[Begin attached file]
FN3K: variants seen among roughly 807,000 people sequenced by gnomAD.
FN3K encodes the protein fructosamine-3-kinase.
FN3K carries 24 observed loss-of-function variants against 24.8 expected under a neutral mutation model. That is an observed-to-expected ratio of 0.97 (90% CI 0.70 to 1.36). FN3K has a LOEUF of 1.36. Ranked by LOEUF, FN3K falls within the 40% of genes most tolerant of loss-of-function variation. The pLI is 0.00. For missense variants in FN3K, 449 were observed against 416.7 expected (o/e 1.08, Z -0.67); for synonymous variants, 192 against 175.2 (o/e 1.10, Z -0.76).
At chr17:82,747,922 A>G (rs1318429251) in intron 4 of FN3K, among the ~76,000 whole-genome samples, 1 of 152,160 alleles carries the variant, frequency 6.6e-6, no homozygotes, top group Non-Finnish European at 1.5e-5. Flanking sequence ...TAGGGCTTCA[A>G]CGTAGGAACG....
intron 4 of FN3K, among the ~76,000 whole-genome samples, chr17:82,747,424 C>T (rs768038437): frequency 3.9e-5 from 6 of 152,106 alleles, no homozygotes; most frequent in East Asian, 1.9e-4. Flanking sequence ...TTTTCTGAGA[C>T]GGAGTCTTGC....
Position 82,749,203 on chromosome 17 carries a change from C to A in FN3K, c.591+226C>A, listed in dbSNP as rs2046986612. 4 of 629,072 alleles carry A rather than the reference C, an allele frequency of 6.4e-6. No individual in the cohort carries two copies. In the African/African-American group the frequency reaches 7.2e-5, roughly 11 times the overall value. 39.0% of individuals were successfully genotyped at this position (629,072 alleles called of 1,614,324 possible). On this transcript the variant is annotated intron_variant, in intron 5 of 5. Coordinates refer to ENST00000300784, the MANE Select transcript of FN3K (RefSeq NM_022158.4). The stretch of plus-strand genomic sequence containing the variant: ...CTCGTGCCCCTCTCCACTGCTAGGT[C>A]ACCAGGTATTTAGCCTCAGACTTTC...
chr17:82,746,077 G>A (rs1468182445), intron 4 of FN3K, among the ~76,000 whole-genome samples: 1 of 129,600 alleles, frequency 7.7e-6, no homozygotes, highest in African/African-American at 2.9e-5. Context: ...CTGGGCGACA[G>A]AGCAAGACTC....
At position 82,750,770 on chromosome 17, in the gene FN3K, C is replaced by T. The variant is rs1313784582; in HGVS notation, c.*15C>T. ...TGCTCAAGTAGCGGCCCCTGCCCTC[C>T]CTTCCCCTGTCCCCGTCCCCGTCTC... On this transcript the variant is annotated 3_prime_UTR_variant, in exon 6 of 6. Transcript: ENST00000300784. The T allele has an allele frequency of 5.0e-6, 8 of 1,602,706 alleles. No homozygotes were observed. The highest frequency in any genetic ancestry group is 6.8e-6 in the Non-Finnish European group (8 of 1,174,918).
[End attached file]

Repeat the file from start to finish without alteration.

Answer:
FN3K: variants seen among roughly 807,000 people sequenced by gnomAD.
FN3K encodes the protein fructosamine-3-kinase.
FN3K carries 24 observed loss-of-function variants against 24.8 expected under a neutral mutation model. That is an observed-to-expected ratio of 0.97 (90% CI 0.70 to 1.36). FN3K has a LOEUF of 1.36. Ranked by LOEUF, FN3K falls within the 40% of genes most tolerant of loss-of-function variation. The pLI is 0.00. For missense variants in FN3K, 449 were observed against 416.7 expected (o/e 1.08, Z -0.67); for synonymous variants, 192 against 175.2 (o/e 1.10, Z -0.76).
At chr17:82,747,922 A>G (rs1318429251) in intron 4 of FN3K, among the ~76,000 whole-genome samples, 1 of 152,160 alleles carries the variant, frequency 6.6e-6, no homozygotes, top group Non-Finnish European at 1.5e-5. Flanking sequence ...TAGGGCTTCA[A>G]CGTAGGAACG....
intron 4 of FN3K, among the ~76,000 whole-genome samples, chr17:82,747,424 C>T (rs768038437): frequency 3.9e-5 from 6 of 152,106 alleles, no homozygotes; most frequent in East Asian, 1.9e-4. Flanking sequence ...TTTTCTGAGA[C>T]GGAGTCTTGC....
Position 82,749,203 on chromosome 17 carries a change from C to A in FN3K, c.591+226C>A, listed in dbSNP as rs2046986612. 4 of 629,072 alleles carry A rather than the reference C, an allele frequency of 6.4e-6. No individual in the cohort carries two copies. In the African/African-American group the frequency reaches 7.2e-5, roughly 11 times the overall value. 39.0% of individuals were successfully genotyped at this position (629,072 alleles called of 1,614,324 possible). On this transcript the variant is annotated intron_variant, in intron 5 of 5. Coordinates refer to ENST00000300784, the MANE Select transcript of FN3K (RefSeq NM_022158.4). The stretch of plus-strand genomic sequence containing the variant: ...CTCGTGCCCCTCTCCACTGCTAGGT[C>A]ACCAGGTATTTAGCCTCAGACTTTC...
chr17:82,746,077 G>A (rs1468182445), intron 4 of FN3K, among the ~76,000 whole-genome samples: 1 of 129,600 alleles, frequency 7.7e-6, no homozygotes, highest in African/African-American at 2.9e-5. Context: ...CTGGGCGACA[G>A]AGCAAGACTC....
At position 82,750,770 on chromosome 17, in the gene FN3K, C is replaced by T. The variant is rs1313784582; in HGVS notation, c.*15C>T. ...TGCTCAAGTAGCGGCCCCTGCCCTC[C>T]CTTCCCCTGTCCCCGTCCCCGTCTC... On this transcript the variant is annotated 3_prime_UTR_variant, in exon 6 of 6. Transcript: ENST00000300784. The T allele has an allele frequency of 5.0e-6, 8 of 1,602,706 alleles. No homozygotes were observed. The highest frequency in any genetic ancestry group is 6.8e-6 in the Non-Finnish European group (8 of 1,174,918).